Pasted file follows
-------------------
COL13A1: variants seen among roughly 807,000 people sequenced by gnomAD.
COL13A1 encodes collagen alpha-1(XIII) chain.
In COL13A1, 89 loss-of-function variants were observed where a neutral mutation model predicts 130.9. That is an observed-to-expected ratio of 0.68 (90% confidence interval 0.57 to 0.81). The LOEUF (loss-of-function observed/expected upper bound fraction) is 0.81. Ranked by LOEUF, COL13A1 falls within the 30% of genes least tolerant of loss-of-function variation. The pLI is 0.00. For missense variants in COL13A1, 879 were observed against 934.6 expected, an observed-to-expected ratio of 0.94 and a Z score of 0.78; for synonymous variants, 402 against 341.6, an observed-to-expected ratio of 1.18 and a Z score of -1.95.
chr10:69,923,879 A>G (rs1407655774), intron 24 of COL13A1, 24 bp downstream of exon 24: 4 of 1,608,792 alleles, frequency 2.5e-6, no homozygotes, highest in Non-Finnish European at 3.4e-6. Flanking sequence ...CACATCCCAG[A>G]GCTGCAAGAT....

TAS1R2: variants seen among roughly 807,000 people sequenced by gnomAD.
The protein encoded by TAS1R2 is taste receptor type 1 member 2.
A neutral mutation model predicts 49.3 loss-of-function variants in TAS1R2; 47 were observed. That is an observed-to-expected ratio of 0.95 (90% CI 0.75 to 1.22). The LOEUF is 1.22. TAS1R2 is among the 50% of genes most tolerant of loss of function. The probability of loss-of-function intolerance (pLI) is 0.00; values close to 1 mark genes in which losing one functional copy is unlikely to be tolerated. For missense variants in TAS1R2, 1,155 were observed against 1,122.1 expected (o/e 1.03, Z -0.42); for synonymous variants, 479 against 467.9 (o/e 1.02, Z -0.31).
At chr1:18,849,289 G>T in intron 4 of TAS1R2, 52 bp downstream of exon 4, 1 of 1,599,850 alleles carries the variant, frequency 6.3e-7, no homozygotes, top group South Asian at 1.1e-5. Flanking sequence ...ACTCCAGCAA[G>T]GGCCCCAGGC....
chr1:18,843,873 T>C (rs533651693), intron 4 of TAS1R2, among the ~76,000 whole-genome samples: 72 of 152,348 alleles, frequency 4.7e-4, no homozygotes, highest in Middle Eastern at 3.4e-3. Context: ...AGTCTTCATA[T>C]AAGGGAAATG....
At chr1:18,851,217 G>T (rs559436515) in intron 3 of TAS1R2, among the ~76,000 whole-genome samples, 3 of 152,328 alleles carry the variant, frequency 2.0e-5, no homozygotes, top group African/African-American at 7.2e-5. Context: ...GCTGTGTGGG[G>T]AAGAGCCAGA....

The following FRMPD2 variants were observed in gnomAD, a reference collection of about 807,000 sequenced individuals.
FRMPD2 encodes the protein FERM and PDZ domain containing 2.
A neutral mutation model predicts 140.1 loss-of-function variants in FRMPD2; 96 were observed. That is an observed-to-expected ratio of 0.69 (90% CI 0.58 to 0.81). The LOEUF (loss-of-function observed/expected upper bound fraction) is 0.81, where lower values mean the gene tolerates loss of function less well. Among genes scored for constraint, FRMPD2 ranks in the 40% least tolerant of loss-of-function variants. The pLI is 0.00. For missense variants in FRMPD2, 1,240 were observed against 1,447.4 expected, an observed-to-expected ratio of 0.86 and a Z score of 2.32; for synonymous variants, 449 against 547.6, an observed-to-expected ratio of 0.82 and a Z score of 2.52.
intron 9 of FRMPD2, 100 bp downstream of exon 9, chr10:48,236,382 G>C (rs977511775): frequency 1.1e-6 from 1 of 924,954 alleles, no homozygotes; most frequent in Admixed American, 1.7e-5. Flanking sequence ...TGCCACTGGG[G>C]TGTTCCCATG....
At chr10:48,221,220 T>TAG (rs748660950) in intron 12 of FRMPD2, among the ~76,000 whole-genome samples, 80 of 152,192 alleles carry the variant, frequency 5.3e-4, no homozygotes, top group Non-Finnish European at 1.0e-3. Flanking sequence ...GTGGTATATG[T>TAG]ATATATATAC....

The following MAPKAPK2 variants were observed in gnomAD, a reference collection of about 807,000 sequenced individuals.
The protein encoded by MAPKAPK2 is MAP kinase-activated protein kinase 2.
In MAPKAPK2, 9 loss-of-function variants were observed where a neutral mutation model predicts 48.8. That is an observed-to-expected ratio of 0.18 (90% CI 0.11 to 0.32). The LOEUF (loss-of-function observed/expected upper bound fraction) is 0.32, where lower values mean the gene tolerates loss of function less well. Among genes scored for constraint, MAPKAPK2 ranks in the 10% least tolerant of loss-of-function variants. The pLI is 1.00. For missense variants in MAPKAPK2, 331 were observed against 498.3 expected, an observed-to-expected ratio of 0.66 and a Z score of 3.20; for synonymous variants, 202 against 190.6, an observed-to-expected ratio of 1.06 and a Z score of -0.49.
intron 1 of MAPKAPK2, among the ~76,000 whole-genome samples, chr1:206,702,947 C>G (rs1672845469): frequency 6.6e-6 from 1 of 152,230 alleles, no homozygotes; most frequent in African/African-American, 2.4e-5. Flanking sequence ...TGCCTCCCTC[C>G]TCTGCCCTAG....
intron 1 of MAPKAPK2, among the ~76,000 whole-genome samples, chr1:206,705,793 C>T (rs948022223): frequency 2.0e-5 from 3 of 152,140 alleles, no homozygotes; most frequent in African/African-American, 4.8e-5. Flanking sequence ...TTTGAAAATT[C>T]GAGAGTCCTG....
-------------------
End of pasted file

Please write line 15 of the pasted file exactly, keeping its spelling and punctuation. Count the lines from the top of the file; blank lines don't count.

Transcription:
At chr10:48,221,220 T>TAG (rs748660950) in intron 12 of FRMPD2, among the ~76,000 whole-genome samples, 80 of 152,192 alleles carry the variant, frequency 5.3e-4, no homozygotes, top group Non-Finnish European at 1.0e-3. Flanking sequence ...GTGGTATATG[T>TAG]ATATATATAC....